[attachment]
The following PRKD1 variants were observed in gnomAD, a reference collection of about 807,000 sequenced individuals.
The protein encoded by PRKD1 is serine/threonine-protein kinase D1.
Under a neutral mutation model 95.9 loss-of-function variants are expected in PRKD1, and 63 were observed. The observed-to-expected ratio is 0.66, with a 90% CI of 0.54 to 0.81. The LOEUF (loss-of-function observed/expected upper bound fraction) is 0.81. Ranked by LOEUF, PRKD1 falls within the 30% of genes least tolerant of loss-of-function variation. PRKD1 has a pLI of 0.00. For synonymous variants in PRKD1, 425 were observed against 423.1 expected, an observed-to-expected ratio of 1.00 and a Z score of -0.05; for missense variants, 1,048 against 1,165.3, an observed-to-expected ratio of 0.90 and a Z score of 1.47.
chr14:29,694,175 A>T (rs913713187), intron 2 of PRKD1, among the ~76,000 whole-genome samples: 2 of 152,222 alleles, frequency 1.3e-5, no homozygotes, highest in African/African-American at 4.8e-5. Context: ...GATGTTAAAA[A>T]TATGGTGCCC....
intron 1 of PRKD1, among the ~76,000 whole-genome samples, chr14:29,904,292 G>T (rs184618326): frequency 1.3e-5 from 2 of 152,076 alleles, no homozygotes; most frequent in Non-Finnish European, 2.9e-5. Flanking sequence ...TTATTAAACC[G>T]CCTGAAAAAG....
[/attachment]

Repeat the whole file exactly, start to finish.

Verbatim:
The following PRKD1 variants were observed in gnomAD, a reference collection of about 807,000 sequenced individuals.
The protein encoded by PRKD1 is serine/threonine-protein kinase D1.
Under a neutral mutation model 95.9 loss-of-function variants are expected in PRKD1, and 63 were observed. The observed-to-expected ratio is 0.66, with a 90% CI of 0.54 to 0.81. The LOEUF (loss-of-function observed/expected upper bound fraction) is 0.81. Ranked by LOEUF, PRKD1 falls within the 30% of genes least tolerant of loss-of-function variation. PRKD1 has a pLI of 0.00. For synonymous variants in PRKD1, 425 were observed against 423.1 expected, an observed-to-expected ratio of 1.00 and a Z score of -0.05; for missense variants, 1,048 against 1,165.3, an observed-to-expected ratio of 0.90 and a Z score of 1.47.
chr14:29,694,175 A>T (rs913713187), intron 2 of PRKD1, among the ~76,000 whole-genome samples: 2 of 152,222 alleles, frequency 1.3e-5, no homozygotes, highest in African/African-American at 4.8e-5. Context: ...GATGTTAAAA[A>T]TATGGTGCCC....
intron 1 of PRKD1, among the ~76,000 whole-genome samples, chr14:29,904,292 G>T (rs184618326): frequency 1.3e-5 from 2 of 152,076 alleles, no homozygotes; most frequent in Non-Finnish European, 2.9e-5. Flanking sequence ...TTATTAAACC[G>T]CCTGAAAAAG....